How to Avoid Common Mistakes that Non-Preppers Make
Everyone has their own way of prioritizing preparedness. Some take it seriously and invest a lot of money, time and resources into becoming as self-sufficient as possible. However, the vast majority of people out there live in a state of blissful-ignorance in terms of thinking that the world’s just fine and society can manage whatever comes its way. Let’s take a look at a few common misconceptions that people have in order to use them to avoid unintentionally falling into the same trap.
People Will Chip in and Help
This is probably the biggest misconception of all, and it’s important to realize how the self-interested side of human nature rears its ugly head during crises. People become less trusting, less generous and less civil. While yes, some communities get together after a disaster to provide some relief assistance. Sometimes good-natured people from around the country will travel to a disaster-stricken area to chip in as well.
However, when we’re talking about a total SHTF situation or a societal collapse, then it’s literally everyone for themselves. All you have to do is look back at how the government as well as many in the New Orleans area reacted after Katrina. It was a humanitarian catastrophe where lawlessness was rampant, basic services were unavailable, and people died simply because they were in the wrong place a the wrong time.
It’s important to always assume that people are not going to help during a SHTF situation, and that friends will turn into competitors while the social order begins to disintegrate.
Resources Will be Available
We’ve talked about how easy it is to disrupt distribution and transportation systems in this country, and supply shortages and price hikes happen under the best of circumstances. Now imagine trying to get goods delivered when roads are impassible, computer networks are down or warehouses get raided or destroyed.
There are a million reasons why resources will not be available during a SHTF situation. If you think things get bad at grocery stores in advance of hurricanes, just wait and see what happens when something bigger is looming on the horizon. It will be complete pandemonium, and chances are that resources or supplies of everything from water to medicine will be long gone before the dust settles from whatever crisis occurred.
Consequently, those who wait until it’s too late to try and find supplies will either be out of luck, at the mercy of whatever relief services are available, or be forced to loot and pillage for basic essentials. Don’t be one of them.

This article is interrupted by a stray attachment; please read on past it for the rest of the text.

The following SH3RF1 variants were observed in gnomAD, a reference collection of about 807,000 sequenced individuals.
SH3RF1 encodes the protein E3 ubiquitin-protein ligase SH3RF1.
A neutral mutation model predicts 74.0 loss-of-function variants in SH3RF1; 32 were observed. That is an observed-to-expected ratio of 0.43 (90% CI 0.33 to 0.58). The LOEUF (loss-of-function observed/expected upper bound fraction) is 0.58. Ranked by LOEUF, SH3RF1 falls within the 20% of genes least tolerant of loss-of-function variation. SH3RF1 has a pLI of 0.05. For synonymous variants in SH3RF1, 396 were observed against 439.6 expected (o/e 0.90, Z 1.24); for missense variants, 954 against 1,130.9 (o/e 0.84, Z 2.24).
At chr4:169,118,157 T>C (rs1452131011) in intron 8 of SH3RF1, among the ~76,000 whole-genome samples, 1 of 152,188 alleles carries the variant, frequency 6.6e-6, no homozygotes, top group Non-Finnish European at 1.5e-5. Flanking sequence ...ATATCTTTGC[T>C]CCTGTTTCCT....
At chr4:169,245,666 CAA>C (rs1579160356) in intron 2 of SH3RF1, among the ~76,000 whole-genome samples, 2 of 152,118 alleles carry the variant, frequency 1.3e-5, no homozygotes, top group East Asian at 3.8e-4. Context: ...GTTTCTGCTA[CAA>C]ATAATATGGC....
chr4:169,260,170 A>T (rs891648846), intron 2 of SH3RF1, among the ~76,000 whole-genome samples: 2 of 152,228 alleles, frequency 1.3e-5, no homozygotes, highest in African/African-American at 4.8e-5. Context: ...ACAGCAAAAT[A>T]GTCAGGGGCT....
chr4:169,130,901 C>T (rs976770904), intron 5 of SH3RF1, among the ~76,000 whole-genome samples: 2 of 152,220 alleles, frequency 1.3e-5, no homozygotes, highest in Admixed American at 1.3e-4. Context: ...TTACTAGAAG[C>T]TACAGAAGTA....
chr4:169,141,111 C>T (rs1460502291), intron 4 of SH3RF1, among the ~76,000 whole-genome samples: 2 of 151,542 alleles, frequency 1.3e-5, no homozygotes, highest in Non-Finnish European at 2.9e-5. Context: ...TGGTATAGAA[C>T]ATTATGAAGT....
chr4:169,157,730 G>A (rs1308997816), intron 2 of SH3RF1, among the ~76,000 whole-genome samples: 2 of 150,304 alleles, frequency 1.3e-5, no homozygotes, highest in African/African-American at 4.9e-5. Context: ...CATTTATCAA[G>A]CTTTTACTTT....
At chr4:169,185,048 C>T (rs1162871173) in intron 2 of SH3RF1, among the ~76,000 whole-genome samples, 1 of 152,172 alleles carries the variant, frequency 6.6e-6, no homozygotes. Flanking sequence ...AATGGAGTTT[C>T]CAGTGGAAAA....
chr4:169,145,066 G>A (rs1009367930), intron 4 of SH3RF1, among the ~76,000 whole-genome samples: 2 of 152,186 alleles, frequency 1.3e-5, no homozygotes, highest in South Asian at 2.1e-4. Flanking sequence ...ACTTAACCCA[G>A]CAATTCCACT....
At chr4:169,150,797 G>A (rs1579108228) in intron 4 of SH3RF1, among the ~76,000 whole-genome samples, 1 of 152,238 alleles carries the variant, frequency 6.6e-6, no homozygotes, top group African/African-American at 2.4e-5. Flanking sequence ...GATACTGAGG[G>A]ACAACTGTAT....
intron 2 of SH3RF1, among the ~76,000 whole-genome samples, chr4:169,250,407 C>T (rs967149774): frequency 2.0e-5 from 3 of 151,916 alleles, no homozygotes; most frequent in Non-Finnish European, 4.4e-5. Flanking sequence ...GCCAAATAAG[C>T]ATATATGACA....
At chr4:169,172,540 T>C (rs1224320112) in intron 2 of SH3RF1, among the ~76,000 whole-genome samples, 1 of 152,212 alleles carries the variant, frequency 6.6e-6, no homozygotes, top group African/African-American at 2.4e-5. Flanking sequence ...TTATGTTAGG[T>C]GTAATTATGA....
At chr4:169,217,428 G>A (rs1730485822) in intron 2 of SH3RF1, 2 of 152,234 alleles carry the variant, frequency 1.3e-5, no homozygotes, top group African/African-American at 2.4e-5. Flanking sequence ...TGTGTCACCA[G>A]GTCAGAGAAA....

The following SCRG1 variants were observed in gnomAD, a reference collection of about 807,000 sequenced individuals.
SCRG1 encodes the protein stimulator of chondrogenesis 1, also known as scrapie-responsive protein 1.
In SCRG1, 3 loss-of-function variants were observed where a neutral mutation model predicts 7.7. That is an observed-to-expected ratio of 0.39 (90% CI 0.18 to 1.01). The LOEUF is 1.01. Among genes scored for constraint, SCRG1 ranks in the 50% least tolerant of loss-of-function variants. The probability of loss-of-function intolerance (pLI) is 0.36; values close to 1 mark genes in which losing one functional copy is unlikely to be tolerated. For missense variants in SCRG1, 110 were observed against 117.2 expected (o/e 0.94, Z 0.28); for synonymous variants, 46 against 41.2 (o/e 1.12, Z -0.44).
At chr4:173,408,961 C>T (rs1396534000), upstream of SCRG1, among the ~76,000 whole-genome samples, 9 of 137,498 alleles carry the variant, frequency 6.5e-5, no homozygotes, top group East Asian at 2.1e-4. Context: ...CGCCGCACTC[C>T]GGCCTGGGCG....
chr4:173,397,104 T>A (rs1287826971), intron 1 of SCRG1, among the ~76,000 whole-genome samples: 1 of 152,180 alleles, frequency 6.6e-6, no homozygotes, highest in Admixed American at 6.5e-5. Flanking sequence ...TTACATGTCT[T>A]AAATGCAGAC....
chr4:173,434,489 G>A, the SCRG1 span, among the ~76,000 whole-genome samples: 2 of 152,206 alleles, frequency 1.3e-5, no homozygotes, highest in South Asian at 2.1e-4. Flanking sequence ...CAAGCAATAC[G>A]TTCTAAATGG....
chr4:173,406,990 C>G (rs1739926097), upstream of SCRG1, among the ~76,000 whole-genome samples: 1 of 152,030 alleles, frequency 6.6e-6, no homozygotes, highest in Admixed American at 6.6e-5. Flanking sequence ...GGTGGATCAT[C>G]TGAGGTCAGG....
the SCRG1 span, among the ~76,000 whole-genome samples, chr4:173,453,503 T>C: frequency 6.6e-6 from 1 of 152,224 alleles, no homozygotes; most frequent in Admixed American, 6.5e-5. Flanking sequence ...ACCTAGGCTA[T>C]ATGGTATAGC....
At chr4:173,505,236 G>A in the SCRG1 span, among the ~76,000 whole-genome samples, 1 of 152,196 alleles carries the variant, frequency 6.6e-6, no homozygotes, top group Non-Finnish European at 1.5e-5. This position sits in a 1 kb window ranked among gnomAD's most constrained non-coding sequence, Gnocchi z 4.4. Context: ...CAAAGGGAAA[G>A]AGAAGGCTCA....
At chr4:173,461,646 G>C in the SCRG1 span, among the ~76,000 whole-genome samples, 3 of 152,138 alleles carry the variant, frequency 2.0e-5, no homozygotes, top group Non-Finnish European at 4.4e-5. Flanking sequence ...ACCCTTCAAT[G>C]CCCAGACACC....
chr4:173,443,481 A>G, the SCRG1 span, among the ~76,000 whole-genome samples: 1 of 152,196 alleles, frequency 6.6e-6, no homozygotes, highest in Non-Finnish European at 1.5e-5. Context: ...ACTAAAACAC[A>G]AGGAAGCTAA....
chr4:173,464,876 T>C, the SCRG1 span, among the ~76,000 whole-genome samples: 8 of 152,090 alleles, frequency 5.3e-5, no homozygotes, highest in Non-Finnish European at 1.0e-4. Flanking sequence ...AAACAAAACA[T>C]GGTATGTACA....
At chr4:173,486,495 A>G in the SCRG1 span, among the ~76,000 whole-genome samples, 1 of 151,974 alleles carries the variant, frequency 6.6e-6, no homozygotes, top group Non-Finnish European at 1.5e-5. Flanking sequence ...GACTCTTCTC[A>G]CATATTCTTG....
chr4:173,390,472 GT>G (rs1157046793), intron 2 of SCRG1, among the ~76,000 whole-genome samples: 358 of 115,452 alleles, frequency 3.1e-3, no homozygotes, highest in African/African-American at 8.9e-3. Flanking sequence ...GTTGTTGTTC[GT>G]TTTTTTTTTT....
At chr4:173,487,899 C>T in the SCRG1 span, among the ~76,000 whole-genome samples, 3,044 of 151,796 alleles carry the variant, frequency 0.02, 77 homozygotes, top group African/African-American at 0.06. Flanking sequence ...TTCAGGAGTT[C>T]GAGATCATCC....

I have Plenty of Money
Money only has value if it is accessible and acceptable. Losing access to money can come from a number of different directions. A major hacking at a large bank could empty or freeze the accounts of tens of millions of people. A serious off-grid situation could knock out computer networks that provide access to funds through transfers or ATM withdrawals. An economic collapse could turn our money into worthless paper overnight. Money has its place in the grand scheme of preparedness, and we should all keep some extra cash on hand, but at the same time, skills and items that can be traded or bartered with will be more valuable.
Make sure that you have something to offer as well as good negotiating skills in order to stand to benefit the most during the aftermath of a SHTF situation.
These are just a few examples from a long list of excuses that people use to avoid accepting that we live in an uncertain and dangerous world. Look at it this way: Squirrels forage and store food in the fall for the winter. Birds migrate months ahead of cold weather in order to seek food and shelter in more hospitable climates. Preppers don’t let negative people, or those who are in denial, distract them from their proactive and prudent efforts. Make sure that you keep focused on the big picture, because preparedness is one of the best decisions and biggest investments that anyone can make.